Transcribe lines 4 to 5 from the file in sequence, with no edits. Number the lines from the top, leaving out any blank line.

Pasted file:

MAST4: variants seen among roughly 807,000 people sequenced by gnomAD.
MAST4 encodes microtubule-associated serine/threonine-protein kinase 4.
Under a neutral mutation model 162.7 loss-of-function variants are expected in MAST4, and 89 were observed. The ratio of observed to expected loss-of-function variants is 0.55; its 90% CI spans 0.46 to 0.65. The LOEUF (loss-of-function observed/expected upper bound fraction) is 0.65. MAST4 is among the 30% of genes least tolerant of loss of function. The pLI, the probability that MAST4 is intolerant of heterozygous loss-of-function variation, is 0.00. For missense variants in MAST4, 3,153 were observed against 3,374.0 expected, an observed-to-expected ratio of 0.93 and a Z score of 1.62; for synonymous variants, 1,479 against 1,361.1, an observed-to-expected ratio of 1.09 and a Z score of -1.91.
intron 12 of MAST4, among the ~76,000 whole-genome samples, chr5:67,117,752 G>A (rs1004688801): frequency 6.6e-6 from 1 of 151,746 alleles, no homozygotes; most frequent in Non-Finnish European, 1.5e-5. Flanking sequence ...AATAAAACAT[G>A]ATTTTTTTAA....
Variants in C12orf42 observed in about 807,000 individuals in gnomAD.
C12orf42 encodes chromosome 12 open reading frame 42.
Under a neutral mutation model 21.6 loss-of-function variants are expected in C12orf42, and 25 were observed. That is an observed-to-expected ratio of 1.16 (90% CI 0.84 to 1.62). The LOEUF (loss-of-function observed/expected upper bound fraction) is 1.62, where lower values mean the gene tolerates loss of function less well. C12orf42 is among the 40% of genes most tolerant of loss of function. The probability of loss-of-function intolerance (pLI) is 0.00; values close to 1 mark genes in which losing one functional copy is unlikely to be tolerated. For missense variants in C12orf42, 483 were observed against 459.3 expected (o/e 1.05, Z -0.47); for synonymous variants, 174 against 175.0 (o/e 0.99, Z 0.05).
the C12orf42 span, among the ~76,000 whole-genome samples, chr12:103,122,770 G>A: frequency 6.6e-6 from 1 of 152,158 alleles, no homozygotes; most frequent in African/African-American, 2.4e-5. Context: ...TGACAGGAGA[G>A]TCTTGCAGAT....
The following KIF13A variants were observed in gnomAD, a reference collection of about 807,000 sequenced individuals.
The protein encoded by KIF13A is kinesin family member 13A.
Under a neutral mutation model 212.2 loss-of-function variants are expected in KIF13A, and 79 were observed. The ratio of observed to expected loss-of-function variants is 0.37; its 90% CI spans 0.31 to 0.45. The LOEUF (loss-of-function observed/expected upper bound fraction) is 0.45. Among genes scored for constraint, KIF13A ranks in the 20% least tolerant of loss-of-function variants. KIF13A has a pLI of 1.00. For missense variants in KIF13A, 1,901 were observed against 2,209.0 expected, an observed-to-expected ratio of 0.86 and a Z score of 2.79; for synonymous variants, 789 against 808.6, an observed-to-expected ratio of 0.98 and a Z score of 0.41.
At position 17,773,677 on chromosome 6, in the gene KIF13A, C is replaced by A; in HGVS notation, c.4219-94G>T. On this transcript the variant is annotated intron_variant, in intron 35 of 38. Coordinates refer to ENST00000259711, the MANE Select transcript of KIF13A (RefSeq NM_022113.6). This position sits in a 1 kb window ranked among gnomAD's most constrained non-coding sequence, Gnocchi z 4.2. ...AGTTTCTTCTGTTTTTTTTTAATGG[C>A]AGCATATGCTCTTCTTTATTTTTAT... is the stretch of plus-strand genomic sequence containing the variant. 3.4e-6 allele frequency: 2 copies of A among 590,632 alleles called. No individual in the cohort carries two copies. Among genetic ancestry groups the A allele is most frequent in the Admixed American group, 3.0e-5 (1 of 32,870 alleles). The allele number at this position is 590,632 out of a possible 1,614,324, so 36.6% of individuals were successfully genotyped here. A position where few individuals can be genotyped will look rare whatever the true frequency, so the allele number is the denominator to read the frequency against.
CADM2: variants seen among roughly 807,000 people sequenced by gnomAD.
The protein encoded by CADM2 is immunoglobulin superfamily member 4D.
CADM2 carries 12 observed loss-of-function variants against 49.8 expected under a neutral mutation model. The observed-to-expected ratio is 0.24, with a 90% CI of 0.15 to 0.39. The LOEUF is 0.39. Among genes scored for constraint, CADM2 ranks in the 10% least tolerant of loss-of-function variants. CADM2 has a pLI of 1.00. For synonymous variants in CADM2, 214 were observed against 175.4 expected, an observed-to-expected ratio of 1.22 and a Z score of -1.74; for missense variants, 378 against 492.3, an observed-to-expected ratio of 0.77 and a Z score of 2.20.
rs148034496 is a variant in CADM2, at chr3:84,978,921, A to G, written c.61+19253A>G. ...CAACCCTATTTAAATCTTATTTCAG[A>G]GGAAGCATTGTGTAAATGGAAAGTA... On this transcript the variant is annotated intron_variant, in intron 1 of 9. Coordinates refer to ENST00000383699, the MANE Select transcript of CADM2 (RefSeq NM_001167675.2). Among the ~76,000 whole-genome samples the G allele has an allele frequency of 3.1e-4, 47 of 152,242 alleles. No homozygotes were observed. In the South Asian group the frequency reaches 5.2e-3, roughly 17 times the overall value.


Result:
intron 12 of MAST4, among the ~76,000 whole-genome samples, chr5:67,117,752 G>A (rs1004688801): frequency 6.6e-6 from 1 of 151,746 alleles, no homozygotes; most frequent in Non-Finnish European, 1.5e-5. Flanking sequence ...AATAAAACAT[G>A]ATTTTTTTAA....
Variants in C12orf42 observed in about 807,000 individuals in gnomAD.